have a right to eat what they want, but this is not the ‘thing’ to
make a stand about national identity and politics of difference. This
is a creature in trouble and, as the head of the turtle farm said,
it’s endangered. We can but hope that this admission is the first step
on the road to recovery for the turtle at least.

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Nicky: Before meat eaters get too comfortable with
themselves, they should read George Monbiot’s piece in The
Guardian
. Eat your veggies.

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Claudette Upton: At last, the Turtle Farm has a
director who is honest enough to face the facts and speak about them
publicly. What a change!

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David Miller: I was told by a marine biologist that
the main problem with our turtle farm is inbreeding. He was educating
me into something I never knew before. All farms, (chickens, goats,
cows, alligators) have to change their breeding stock or they will
progressively create less and less animals as the years go by. So he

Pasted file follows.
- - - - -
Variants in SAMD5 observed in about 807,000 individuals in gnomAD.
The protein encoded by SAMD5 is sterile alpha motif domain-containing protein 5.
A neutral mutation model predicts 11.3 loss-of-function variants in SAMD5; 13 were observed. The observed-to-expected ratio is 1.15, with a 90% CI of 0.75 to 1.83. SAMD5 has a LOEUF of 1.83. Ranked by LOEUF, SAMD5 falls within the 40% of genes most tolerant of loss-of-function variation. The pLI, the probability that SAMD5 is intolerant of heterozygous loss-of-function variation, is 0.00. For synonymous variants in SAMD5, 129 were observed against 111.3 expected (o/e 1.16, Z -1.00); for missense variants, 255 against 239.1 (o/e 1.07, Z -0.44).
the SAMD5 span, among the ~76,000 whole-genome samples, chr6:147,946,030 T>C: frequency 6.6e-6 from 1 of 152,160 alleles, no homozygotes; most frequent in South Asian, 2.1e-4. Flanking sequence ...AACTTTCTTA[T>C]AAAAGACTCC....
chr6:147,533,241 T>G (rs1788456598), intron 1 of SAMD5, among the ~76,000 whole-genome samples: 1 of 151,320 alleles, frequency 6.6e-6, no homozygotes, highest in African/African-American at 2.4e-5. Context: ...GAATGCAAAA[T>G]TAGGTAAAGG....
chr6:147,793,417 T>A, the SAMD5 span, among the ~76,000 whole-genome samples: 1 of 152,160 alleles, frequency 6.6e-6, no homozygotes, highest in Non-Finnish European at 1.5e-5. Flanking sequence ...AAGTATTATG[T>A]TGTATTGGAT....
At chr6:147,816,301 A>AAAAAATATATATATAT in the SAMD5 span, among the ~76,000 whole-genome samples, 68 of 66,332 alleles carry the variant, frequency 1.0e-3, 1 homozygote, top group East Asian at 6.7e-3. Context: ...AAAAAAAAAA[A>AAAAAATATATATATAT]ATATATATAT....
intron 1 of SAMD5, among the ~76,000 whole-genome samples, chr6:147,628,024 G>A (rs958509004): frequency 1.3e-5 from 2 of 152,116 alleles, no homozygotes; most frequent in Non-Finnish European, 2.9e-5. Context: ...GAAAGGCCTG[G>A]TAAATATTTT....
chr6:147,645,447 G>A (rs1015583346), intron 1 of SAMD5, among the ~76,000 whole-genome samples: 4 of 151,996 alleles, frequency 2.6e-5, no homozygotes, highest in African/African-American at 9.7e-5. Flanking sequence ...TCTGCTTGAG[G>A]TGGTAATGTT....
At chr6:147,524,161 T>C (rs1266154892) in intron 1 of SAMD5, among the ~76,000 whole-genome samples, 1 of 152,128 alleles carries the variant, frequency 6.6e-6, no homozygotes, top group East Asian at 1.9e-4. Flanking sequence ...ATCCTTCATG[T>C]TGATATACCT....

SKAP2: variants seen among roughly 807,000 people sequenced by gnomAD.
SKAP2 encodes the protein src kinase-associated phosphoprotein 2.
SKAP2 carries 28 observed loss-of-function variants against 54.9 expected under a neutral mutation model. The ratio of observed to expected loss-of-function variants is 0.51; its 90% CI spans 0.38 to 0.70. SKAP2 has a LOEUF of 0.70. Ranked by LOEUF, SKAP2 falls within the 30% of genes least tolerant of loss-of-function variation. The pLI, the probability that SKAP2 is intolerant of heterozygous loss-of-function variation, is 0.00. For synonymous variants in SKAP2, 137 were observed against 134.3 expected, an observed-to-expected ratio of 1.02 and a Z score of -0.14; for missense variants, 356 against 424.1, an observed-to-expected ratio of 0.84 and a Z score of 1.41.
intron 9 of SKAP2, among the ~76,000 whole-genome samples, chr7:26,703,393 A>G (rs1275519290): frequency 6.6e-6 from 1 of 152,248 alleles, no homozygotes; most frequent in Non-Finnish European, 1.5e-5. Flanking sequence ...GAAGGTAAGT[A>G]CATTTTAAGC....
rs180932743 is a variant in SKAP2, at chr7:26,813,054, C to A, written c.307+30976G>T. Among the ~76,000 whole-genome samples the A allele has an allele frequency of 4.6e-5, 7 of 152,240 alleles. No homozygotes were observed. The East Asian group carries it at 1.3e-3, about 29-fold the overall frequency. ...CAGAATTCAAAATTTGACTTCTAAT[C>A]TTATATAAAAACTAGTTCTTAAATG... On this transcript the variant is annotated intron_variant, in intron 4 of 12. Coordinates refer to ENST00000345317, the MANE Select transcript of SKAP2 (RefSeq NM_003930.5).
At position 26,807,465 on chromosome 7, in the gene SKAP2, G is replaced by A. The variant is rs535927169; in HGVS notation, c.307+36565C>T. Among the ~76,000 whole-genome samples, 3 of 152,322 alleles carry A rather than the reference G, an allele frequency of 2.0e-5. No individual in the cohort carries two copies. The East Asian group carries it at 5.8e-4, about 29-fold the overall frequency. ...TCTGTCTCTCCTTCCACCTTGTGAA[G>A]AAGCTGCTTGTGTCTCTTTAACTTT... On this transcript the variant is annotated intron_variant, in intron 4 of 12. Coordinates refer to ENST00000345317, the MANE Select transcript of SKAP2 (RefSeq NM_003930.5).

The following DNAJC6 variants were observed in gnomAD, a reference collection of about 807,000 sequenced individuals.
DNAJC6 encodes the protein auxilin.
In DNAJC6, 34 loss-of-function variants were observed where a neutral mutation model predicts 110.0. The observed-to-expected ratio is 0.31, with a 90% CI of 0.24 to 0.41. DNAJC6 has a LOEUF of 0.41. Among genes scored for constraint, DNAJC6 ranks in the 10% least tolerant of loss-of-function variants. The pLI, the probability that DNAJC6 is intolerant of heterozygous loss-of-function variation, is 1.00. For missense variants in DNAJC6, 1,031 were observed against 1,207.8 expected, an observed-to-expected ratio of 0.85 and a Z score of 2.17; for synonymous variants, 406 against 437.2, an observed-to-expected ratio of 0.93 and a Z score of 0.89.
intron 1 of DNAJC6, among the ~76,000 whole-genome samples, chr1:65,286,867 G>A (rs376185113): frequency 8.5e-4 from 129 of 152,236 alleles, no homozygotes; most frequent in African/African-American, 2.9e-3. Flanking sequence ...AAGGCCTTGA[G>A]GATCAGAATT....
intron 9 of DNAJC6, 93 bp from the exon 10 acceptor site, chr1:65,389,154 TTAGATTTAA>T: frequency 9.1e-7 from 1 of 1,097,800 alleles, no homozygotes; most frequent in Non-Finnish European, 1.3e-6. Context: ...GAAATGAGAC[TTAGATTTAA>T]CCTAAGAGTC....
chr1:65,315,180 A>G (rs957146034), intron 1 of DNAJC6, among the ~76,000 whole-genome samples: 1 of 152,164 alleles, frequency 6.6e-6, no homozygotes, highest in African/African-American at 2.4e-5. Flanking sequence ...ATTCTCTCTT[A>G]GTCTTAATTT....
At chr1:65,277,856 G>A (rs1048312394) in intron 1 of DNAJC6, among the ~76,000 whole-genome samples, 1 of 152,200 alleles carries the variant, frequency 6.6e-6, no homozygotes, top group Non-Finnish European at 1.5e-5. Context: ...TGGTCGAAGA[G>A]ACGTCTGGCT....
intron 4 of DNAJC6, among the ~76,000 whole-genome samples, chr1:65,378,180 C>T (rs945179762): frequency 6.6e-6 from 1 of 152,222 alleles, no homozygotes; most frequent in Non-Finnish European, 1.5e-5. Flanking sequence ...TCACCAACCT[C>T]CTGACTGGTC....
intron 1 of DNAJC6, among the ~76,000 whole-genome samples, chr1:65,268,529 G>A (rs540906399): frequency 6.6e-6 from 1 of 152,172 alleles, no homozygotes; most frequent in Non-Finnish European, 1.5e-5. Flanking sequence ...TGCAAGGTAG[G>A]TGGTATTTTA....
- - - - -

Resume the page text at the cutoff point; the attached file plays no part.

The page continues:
was explaining that it would happen in the future in the turtle farm.
This was told to me 10 years ago one day while I was giving a tour
about the turtle farm. 

When we think about our future we have to agree with global warming.
Well there’s going to be more sea and less land, right? So our
children and grandchildren will probably not be able to afford beef
and chicken. So it would seem that with all of that ocean out there we
should create more turtle farms and exchange breeders like other farms
have been doing for hundreds of years in the past. What we have
forgotten in all of these arguments is that cattle make one calf per
year and is not an endangered species because we have made it into a